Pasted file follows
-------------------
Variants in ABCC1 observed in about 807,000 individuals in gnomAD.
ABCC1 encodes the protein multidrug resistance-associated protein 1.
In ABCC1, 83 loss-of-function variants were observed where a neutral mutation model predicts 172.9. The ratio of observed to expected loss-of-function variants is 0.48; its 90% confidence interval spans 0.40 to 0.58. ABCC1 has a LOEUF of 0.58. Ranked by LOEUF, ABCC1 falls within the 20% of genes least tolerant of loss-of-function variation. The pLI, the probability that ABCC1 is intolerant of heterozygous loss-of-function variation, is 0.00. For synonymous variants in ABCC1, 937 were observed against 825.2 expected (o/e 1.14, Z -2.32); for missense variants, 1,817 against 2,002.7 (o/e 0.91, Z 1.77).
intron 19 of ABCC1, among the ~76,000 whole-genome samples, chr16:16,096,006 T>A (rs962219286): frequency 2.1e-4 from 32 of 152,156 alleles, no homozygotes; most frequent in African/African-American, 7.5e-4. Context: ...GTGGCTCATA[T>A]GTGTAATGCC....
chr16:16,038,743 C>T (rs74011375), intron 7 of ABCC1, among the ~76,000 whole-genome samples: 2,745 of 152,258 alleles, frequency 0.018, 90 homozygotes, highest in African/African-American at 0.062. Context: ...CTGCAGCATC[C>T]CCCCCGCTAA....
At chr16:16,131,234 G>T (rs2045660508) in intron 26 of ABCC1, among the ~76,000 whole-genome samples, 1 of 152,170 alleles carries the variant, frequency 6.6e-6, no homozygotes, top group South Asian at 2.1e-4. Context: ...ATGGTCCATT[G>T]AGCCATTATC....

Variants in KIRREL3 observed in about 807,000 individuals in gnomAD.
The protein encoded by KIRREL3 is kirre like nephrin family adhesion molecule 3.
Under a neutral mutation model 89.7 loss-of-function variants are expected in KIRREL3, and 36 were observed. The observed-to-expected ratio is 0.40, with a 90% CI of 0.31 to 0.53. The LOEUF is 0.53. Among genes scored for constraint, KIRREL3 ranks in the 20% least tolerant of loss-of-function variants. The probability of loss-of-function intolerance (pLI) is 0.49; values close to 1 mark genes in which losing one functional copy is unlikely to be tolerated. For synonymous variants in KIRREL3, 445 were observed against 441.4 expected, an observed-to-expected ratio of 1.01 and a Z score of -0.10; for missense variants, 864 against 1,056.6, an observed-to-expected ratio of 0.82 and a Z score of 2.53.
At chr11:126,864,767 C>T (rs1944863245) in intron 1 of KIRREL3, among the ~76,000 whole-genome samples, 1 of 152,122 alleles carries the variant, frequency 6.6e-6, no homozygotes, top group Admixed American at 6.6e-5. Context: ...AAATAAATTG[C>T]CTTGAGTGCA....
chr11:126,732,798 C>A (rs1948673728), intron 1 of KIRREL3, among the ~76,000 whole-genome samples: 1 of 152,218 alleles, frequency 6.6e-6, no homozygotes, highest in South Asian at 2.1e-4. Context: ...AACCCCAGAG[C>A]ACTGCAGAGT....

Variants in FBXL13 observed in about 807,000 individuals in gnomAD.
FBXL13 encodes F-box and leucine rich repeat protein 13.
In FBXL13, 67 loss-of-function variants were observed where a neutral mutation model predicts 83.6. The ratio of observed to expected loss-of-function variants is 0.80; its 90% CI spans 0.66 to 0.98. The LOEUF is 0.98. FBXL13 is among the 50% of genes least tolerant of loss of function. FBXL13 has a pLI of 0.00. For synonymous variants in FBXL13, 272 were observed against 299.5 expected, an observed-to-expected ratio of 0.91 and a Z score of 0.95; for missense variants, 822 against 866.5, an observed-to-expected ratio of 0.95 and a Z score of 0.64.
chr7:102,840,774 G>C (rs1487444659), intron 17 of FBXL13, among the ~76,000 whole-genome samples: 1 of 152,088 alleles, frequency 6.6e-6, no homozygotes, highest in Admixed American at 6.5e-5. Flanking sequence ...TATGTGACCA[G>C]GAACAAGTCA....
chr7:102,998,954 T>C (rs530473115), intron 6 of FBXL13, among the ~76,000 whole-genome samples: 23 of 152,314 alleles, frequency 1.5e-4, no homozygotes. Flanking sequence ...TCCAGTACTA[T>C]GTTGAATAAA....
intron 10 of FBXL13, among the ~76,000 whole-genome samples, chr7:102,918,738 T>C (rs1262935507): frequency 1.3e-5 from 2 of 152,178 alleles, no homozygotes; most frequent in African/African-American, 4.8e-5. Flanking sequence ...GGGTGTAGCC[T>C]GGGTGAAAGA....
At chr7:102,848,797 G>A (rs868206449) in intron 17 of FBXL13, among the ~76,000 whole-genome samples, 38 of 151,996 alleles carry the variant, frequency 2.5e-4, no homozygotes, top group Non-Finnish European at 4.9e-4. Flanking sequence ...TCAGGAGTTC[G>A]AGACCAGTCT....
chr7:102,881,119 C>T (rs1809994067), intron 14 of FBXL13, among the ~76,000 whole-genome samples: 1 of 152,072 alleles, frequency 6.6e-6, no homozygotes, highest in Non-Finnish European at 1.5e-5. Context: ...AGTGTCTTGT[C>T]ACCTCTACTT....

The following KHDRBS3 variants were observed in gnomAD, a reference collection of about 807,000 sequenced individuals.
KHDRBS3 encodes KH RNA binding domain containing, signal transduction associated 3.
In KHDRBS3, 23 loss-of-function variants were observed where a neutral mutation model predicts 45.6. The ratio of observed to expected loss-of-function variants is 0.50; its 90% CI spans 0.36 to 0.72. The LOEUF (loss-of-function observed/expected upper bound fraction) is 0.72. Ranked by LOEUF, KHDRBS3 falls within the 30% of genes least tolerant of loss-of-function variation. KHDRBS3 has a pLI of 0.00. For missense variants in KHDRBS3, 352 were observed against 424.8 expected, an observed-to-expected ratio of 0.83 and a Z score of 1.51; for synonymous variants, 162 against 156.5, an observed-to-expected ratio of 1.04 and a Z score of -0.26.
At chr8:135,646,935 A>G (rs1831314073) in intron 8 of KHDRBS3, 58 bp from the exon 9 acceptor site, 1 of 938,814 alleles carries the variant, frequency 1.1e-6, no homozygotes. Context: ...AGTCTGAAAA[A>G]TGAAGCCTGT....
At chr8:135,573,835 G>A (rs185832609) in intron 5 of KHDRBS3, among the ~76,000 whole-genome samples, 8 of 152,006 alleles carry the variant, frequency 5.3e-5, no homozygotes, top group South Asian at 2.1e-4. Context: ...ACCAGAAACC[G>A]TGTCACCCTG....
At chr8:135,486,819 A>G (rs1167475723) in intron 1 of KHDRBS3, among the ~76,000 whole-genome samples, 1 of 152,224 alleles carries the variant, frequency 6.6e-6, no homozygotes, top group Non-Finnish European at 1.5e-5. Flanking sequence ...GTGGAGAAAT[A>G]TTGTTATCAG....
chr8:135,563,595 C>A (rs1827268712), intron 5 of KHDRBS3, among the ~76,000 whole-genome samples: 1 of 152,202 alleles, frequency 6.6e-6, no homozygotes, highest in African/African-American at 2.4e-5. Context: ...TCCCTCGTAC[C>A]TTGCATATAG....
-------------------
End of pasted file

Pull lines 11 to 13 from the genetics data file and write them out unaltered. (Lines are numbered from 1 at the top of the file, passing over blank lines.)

chr11:126,732,798 C>A (rs1948673728), intron 1 of KIRREL3, among the ~76,000 whole-genome samples: 1 of 152,218 alleles, frequency 6.6e-6, no homozygotes, highest in South Asian at 2.1e-4. Context: ...AACCCCAGAG[C>A]ACTGCAGAGT....

Variants in FBXL13 observed in about 807,000 individuals in gnomAD.
FBXL13 encodes F-box and leucine rich repeat protein 13.